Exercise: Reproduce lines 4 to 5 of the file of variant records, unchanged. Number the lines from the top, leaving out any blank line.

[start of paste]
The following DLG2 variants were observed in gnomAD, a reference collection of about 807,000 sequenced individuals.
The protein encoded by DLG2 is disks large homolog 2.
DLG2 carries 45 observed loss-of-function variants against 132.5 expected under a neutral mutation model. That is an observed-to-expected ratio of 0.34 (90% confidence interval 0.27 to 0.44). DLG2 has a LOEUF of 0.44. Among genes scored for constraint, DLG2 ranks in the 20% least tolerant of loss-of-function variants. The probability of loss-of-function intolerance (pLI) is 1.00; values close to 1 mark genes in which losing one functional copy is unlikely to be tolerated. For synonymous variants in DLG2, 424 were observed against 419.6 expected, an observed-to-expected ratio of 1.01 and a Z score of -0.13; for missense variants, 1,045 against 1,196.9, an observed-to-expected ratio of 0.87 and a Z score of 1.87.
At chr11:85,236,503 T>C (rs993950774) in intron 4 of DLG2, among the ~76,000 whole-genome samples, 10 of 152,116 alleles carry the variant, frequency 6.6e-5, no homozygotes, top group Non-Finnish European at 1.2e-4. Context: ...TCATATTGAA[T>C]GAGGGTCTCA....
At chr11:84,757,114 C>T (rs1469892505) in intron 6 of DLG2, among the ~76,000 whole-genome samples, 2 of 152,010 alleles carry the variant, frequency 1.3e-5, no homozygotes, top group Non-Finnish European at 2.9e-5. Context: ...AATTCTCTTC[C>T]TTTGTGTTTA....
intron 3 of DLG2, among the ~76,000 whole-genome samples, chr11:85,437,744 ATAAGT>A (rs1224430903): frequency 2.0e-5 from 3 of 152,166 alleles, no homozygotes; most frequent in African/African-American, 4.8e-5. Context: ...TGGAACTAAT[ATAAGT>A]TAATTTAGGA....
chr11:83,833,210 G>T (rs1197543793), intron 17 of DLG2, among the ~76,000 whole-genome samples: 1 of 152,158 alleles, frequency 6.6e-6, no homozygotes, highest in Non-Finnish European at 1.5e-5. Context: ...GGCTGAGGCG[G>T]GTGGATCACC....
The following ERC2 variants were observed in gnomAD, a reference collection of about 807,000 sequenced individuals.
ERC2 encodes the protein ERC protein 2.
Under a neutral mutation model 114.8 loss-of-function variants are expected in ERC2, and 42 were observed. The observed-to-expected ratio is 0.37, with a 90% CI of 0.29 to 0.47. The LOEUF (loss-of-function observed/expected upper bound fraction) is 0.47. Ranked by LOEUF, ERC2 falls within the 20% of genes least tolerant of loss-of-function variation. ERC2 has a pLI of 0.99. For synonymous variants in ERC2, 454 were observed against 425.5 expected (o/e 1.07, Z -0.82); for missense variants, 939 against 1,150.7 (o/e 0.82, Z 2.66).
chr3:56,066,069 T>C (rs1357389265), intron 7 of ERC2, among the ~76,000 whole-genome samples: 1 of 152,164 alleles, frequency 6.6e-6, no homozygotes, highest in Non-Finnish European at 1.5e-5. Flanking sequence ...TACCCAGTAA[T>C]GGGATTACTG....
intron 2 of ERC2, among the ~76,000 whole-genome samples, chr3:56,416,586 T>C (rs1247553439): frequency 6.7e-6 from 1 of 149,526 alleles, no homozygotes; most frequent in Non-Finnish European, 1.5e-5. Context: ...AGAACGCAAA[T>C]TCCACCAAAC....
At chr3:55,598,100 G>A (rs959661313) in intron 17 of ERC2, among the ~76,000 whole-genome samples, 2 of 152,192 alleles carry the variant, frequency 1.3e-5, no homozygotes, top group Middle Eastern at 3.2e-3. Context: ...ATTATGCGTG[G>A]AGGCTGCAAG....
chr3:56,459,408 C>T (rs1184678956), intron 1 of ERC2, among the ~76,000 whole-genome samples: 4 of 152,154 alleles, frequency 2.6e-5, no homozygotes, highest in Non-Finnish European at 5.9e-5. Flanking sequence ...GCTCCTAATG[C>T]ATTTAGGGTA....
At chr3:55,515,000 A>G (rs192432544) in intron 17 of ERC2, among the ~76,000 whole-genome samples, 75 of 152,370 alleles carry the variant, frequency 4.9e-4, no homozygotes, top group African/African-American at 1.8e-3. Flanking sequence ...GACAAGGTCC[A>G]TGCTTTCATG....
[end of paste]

At chr11:85,236,503 T>C (rs993950774) in intron 4 of DLG2, among the ~76,000 whole-genome samples, 10 of 152,116 alleles carry the variant, frequency 6.6e-5, no homozygotes, top group Non-Finnish European at 1.2e-4. Context: ...TCATATTGAA[T>C]GAGGGTCTCA....
At chr11:84,757,114 C>T (rs1469892505) in intron 6 of DLG2, among the ~76,000 whole-genome samples, 2 of 152,010 alleles carry the variant, frequency 1.3e-5, no homozygotes, top group Non-Finnish European at 2.9e-5. Context: ...AATTCTCTTC[C>T]TTTGTGTTTA....